UNBC and the Lheidli T'enneh First Nation officially opened a traditional Dakelh-style pit house along the Cranbrook Hill Greenway trail network near the university on Saturday.
The pit house was built between July 5 and July 25 by a group of 12 UNBC undergraduate and Lheidli T'enneh high school students and part of an experiential learning course offered through UNBC's First Nations studies program.
Vince Prince lead the team, using his experience building a pit house in Fort St. James and drawings from the journal of 19th Century missionary Father Adrien-Gabriel Morice. Not much is known about Dakelh-style pit houses, he said, although archeological evidence shows they were used in the region at least as early as the 1600s.
"They [pit houses] were the permanent winter dwellings," Prince said. "We had two drawings and two paragraphs of original information."
Traditionally, area First Nations like the Lheidli T'enneh would travel to a number of camps throughout the year, hunting, fishing and gathering, he said. They would spend the winter in their permanent winter camps in pit houses.
Pit houses have were built by a wide variety of cultures throughout the world -particularly in the Americas and northern Europe. The common feature among them is they are built over a, typically circular, pit excavated out of the ground with a wood and/or earthen roof structure.
The pit house built by the students is built on a circular pit three feet deep, with a pyramid-like wooden roof structure built over top, Prince said. The clay and topsoil excavated from the pit where then spread on top of the wooden structure, he said.
Over time, grass and other plants will grow in the soil cover to help further insulate the pit house, he said.
"In winter time, it has plenty of insulation value," he said. "Under four inches of topsoil there was no moisture. There is going to be no moisture getting to these logs."
Smoke from fires in the house's central fire pit will help dry and preserve the wood as well, he said.
"It makes it really tough," he said. "Even to cut it with a power saw... it is really, really tough. It doesn't break like normal dry pine."
Access to the pit house would traditionally be from the top only, using a log with steps carved into it, he said. But they chose to include a side entrance for ease of access, a feature found on pit houses from warmer climates to the south.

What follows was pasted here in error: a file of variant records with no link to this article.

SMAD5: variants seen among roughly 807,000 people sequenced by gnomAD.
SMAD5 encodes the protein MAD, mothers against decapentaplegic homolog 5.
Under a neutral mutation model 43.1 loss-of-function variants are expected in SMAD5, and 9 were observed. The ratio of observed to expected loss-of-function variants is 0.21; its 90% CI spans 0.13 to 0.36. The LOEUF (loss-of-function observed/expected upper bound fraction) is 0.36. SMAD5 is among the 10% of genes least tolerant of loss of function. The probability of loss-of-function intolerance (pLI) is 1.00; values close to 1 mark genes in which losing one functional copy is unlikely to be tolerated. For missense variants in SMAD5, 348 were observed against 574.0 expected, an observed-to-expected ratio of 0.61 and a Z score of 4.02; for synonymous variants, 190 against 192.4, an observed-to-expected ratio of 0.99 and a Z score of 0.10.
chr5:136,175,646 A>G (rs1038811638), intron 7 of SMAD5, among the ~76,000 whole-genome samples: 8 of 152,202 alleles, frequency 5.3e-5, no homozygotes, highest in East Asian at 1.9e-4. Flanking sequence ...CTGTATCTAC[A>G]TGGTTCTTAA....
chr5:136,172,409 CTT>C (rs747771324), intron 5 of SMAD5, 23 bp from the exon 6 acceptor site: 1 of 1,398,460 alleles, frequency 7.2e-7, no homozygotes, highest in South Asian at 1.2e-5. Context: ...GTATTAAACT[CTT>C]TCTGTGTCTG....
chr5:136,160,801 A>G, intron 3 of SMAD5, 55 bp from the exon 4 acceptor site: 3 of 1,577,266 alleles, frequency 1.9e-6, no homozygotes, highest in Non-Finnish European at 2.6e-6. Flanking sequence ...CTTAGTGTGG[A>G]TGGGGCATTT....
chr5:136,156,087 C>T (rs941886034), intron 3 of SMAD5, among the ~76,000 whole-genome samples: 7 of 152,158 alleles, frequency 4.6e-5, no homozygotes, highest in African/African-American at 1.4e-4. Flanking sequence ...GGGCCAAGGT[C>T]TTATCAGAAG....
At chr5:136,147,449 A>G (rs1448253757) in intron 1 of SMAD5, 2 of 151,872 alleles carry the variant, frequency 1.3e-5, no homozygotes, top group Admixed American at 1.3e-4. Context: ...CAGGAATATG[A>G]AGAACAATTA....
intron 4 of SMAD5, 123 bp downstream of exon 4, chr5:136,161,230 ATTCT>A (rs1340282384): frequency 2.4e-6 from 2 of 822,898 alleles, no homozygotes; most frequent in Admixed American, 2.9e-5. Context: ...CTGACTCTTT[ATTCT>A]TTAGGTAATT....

"The size of the logs is [also] way bigger than they would have used," he said. "They would have used much smaller logs - maybe four inches around."
The team used chainsaws to cut the large logs, which were on the site donated for their use, and steel hand tools like shovels and drawknives to build the house. All the digging and hauling was done by hand, he said.
The team worked six to seven hours a day for 17 days of construction to build the house, he said, with six and a half of the days used to dig the pit.
Traditionally, obsidian or flint tools were used to cut and shape the wood, Prince said. Digging sticks were used to excavate the pits, which were almost always built in gravel or sandy soil near water ways, Prince added.
Prince urged residents to come and explore the pit house, which is an approximately 15 minute walk down the main Cranbrook Hill Greenway trail from the parking lot near UNBC.
"I want to make sure people enjoy it. Come and visit it," he said.
Gabriella Solonas was one of the students who took part in the course and built the pit house.
Solonas, an undergraduate First Nations studies student at UNBC, said she was eager to sign up for the course after hearing about a similar class last year in which students built a traditional dugout canoe.
"The course was really awesome. It was very different than being in the classroom," Solonas said. "It was like we were building a relationship with the Lheidli... and the Lheidli territory.
It also gave her a better understanding of the resourcefulness, knowledge and skill of the Dakleh people, she said.
The bulk of the students who took part were women, she added, and the experience really showed her how strong women could be.
"I look at it like a birthing experience: we were sweating, crying and some of us bleeding," she said.
UNBC professor Antonia Mills, who developed the idea and put together the funding and support for the class, said the pit house will continue to be used for teaching.
The pit house will be used as a classroom for First Nations studies students and environmental studies, she said.
Students who took part in the class will be providing tours of the pit house as part of the university's 25th anniversary celebrations this year, she added.
"It's a very valuable learning tool," Mills said.